You could argue that Omega as challenger should have been the one crawling. The match story was all about Omega’s survival so from that standpoint, Okada should have been trying for the pin at the end, but it really doesn’t matter. After their January 4th match, which was one of the best matches I’ve ever seen, I watched the Mitsuharu Misawa vs. Toshiaki Kawada match from 1994, which many call the best match ever. Obviously, that is subjective and there are tons of matches that can fit into that category, but more people I know would say Misawa vs. Kawada then any other. I would say the two were comparable, but they were different.
Misawa vs. Kawada was more like a fight and more heated like an incredible sports contest. Omega vs. Okada I was more spectacular when it came to moves as we’re 23 years later but every bit as dramatic, which is ultimately the goal. What I can say is that while this match was not as heated as either of those two matches, it was more intense, featured better selling, was more dramatic, and told a better story than either.
Everyone is entitled to their own opinion on the greatest match they’ve ever seen. This was better than those two matches that I thought were the best ones I’d ever seen. It was the two best wrestlers in the world at this point in time, both in the best match of their lives. We are seeing history with this Okada championship run and this Omega vs. Okada program. This is the modern version of the 1989 Flair-Steamboat series, which consisted of three major national shows (they also did dozens of house show matches, most of which were close to the level, at least one of which was above the level, of the three national matches, which is something Omega and Okada didn’t do).
Omega and Okada are right now scheduled for three matches this year, and after two, they are well ahead in comparison, even factoring in the time and place elements. I don’t know how you could top it, except some day, like everything, it will happen.
Okada vs. Omega II basically broke the bank on superlatives, if the first match was one of the few ****** matches in history, this may have been the first Milky Way Galaxy match. And this was hardly the perfect time or place, even if Osaka and Dominion ahead of time looked like it would be. This wasn’t the usual super hot Osaka crowd, and the main event’s bell rang roughly four hours after the start of the show, and followed a match of the year contender with the emotional draining element of Tanahashi, fighting with one arm, beating Naito, who had been destroying and defacing the IC title belt.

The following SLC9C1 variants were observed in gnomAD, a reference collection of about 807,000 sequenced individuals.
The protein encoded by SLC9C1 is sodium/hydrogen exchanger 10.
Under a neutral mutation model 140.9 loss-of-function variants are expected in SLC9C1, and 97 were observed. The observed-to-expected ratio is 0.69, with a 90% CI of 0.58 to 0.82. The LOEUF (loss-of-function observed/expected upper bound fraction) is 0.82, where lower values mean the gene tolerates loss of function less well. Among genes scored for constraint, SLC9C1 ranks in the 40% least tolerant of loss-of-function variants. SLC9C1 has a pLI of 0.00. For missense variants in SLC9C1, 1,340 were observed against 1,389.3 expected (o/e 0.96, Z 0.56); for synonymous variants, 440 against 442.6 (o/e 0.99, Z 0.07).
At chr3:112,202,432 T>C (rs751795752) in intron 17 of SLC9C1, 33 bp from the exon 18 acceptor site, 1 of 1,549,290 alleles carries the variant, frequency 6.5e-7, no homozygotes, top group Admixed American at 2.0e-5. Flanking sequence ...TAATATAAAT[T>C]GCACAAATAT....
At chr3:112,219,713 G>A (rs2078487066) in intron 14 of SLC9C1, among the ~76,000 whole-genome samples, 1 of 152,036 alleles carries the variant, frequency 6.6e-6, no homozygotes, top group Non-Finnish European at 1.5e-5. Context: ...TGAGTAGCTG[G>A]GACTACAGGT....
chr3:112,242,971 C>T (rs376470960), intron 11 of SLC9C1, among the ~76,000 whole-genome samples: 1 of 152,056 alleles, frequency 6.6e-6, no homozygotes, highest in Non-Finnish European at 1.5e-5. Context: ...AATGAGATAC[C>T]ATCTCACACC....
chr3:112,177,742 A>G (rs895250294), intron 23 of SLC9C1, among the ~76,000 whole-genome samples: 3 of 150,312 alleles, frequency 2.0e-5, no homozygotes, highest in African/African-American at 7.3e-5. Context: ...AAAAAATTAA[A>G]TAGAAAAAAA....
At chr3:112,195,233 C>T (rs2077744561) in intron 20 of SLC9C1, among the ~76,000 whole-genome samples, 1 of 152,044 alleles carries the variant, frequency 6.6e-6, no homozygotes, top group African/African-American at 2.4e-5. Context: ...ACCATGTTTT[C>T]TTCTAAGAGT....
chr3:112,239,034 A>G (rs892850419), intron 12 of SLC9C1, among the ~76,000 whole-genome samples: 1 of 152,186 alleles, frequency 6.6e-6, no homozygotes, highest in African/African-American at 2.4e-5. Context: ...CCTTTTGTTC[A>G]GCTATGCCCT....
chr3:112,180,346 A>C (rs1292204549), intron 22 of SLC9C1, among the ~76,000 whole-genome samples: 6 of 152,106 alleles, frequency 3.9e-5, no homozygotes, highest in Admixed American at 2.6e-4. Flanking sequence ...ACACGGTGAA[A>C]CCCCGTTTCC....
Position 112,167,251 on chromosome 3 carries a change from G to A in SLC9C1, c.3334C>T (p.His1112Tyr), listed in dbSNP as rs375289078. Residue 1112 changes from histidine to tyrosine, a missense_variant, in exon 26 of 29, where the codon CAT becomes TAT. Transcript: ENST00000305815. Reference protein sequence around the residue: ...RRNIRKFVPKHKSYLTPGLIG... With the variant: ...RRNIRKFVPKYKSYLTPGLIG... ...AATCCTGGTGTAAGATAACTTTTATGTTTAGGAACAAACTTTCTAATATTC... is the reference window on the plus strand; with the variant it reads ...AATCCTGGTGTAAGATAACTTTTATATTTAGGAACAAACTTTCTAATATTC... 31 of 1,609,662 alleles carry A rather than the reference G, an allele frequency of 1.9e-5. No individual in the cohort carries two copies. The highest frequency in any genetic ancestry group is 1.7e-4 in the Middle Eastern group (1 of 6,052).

Omega vs. Okada was a very different match from the first one. The first one went 46:40, building to the key moves late. This time, going 60:00, they had to pull out all the stops. Omega survived multiple Rainmakers, including one just seconds before the finish. Omega finally hit the One Winged Angel, but Okada got his leg over the ropes to stop the count.
There was no vibe of a 60:00 main event as the show was going on. The key undercard matches all were given time and if you’re planning a one hour broadway, you normally wouldn’t start it four hours into the show, nor have so many long matches underneath. They were building the apparent finishing sequences around 40:00 in to where it felt like there simply wasn’t enough left to go much longer. At the 50:00 mark, you had to think it was going to a one hour draw, but New Japan had done a finish in the Tenzan vs. Kojima match just 11 seconds shy of 60 minutes in a big 2005 match.
There is expected to be a third meeting before the end of the year. Okada’s run as champion over the past year should go down as legendary with the title defenses against Marufuji, the two with Omega, Minoru Suzuki, and Katsuyori Shibata all being among the best matches of the past year, as well as a strong non-title win over Tiger Mask W and a very good match with Bad Luck Fale.
The Okada vs. Omega future storyline really revolves around what decision Omega makes come January. If he stays, he should get a long run as champion and be the international face of the company. Given his performances, for Japan, he as champion with Japanese stars chasing him should work, and for expansion internationally, he’s the better face of the company than Okada.
This leads to the U.S. title tournament that the company is doing on 7/1 and 7/2 in Long Beach. Omega is in the tournament. For a WWE-weaned modern fan, a U.S. title would seem below the level of Omega, although when WWE put the title on John Cena, its biggest star, the title never meant more. It’s the man who makes the belt today and if Omega wins, it goes from being just another mid-card title, to a main event level title, similar to how Shinsuke Nakamura elevated the IC title, as did Naito, and as likely will Tanahashi.
Best Of The Rest:
– Omega vs. Okada I
– Omega vs. Okada II
– Omega vs. Naito
– Keith Lee vs. Donovan Dijak
– WALTER vs. Zack Sabre Jr.
– Tanahashi vs. Naito
– Okada vs. Shibata
– Will Ospreay vs. KUSHIDA
– Naito vs. Michael Elgin